Employment in North Carolina

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In North Carolina, it is perfectly legal to terminate an employee for no reason at all. In fact, this is the case in most states. However, employees cannot be fired for discriminatory reasons such as age, race, religious views, or sexual preference. Employment in North Carolina provides resources for employees who have either been let go for reasons that are no fault of their own, or have been wrongfully terminated by their employer.

North Carolina is an “at will” state, which means that anyone with employment in North Carolina may be terminated for any reason so long as it's not illegal. This also allows employees to leave a job without reason or any advance notice. However, there are illegal reasons for termination that employees should be aware of, as they can protect themselves against such practices.

If you are having problems with an employer regarding benefits, unemployment or an injury, consult with an employment attorney near you. The content of this article is provided for informational purposes only.

 

Protecting Against Discrimination

Employers are not allowed to terminate employees based on discrimination, nor are they permitted to allow discrimination to affect their hiring procedures. Characteristics covered by discrimination include: age, race, sexual orientation, religion, and national origin. Employers also may not fire employees who have filed legitimate complaints for unsafe workplace, sexual harassment, or discrimination at work. An employee cannot be forced to break a law and therefore cannot be fired for refusing to do so. When an employee is released from employment in North Carolina for any of those reasons, they should consult an attorney and take the proper legal action.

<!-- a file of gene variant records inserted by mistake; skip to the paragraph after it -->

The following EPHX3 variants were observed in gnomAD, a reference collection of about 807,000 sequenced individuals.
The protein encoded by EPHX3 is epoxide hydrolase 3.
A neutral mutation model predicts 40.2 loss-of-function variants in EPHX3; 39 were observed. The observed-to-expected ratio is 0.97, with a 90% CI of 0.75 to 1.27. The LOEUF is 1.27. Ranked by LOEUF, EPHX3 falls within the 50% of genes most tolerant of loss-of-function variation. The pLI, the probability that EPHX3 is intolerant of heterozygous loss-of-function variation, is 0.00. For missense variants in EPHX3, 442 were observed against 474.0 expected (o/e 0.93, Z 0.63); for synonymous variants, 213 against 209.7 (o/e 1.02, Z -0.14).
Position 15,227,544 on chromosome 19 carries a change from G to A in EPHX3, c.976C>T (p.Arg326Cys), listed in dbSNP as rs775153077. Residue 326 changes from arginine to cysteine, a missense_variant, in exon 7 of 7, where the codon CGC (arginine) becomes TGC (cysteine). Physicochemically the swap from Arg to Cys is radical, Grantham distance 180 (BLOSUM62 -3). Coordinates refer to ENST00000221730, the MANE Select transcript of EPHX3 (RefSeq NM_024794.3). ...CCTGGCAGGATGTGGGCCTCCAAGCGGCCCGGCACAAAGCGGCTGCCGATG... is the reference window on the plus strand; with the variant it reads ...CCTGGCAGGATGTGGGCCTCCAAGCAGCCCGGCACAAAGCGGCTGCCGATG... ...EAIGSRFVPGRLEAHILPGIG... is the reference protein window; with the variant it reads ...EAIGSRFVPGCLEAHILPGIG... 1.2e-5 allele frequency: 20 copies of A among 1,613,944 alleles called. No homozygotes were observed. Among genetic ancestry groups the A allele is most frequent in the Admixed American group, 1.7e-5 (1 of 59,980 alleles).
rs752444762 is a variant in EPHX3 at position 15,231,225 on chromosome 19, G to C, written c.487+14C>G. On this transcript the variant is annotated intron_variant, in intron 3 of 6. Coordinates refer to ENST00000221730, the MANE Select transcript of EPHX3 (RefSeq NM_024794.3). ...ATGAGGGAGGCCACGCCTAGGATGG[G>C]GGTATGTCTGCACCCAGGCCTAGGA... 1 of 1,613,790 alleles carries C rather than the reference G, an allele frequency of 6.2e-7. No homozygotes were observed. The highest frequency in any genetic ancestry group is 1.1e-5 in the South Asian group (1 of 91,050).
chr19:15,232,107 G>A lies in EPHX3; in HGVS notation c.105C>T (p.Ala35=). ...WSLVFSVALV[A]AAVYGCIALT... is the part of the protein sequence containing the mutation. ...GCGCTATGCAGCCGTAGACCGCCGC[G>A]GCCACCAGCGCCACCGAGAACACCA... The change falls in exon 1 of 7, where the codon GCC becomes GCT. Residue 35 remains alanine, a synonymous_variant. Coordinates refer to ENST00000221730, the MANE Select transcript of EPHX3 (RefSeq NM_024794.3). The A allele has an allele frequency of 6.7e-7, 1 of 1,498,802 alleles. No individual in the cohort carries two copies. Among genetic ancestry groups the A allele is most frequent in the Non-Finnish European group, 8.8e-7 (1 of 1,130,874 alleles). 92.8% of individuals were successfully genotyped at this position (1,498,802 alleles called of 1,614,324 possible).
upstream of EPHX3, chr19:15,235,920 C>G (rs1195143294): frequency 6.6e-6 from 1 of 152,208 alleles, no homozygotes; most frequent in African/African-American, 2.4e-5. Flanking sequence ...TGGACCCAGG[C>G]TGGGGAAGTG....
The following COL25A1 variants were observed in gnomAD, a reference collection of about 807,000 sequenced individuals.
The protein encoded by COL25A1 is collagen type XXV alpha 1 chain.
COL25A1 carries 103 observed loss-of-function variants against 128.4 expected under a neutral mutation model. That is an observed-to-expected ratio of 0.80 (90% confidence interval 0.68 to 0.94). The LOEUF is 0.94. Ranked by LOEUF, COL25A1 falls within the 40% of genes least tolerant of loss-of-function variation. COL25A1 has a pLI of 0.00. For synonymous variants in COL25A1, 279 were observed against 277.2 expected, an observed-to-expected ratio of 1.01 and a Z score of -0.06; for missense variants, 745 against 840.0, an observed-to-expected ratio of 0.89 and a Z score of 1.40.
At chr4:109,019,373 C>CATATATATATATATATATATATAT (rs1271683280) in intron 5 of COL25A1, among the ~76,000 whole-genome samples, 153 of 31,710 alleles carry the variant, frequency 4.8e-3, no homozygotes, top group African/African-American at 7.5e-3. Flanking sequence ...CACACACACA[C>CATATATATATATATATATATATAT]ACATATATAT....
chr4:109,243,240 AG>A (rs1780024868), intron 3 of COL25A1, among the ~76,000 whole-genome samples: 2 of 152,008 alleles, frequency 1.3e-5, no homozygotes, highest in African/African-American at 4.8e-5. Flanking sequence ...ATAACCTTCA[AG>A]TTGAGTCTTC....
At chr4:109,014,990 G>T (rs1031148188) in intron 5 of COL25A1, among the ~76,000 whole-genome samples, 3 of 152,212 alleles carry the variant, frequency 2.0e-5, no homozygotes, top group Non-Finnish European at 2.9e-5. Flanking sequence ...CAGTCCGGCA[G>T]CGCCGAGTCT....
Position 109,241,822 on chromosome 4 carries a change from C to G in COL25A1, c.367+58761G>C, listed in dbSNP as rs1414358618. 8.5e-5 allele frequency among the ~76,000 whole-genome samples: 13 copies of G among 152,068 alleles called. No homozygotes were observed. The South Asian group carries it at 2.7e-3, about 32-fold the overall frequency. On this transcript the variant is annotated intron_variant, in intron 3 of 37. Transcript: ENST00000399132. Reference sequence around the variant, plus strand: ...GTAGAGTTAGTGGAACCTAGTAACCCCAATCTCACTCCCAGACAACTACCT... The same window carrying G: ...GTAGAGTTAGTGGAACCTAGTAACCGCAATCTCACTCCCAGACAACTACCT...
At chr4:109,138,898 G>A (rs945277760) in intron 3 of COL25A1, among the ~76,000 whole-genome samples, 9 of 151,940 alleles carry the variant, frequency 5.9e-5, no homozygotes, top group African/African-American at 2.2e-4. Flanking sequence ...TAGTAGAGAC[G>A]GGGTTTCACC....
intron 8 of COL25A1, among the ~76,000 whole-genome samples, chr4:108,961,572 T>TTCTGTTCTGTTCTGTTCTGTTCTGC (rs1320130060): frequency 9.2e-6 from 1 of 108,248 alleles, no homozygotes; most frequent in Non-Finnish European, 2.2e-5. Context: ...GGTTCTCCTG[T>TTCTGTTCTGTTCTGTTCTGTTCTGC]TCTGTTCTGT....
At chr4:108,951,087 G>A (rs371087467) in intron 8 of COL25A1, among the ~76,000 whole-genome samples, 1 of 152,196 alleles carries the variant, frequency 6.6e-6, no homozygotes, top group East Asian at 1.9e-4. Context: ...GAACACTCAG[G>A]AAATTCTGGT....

Unemployment Available in North Carolina

Some employees who leave their job may be entitled to benefits after their employment is terminated. Unemployment benefits are also given to people who are released from their job through no fault of their own. Employees who are eligible for these benefits are people that are actively seeking employment in North Carolina who lost their job for reasons other than misconduct and received a certain amount of wages during a specified time frame. North Carolina benefits vary between $36 to $426, and remain taxable as a regular income. These benefits may last from 13 to 26 weeks, and are subject to change according to circumstances.

COBRA Post-Termination Benefits

Employees may also receive health benefits from their employer after their employment in North Carolina has ended, thanks to a program called COBRA. These benefits may continue for up to 18 months after the termination. This protection also extends to an employee's spouse and family – and in some cases, they may even be entitled to health benefits that the employee themselves is not eligible for. Such instances include when an employee becomes eligible for Medicare and the family does not, during or after a divorce, and in cases of the employee's death.

If you are having problems with an employer regarding benefits, unemployment or an injury, consult with an employment attorney near you. The content of this article is provided for informational purposes only.
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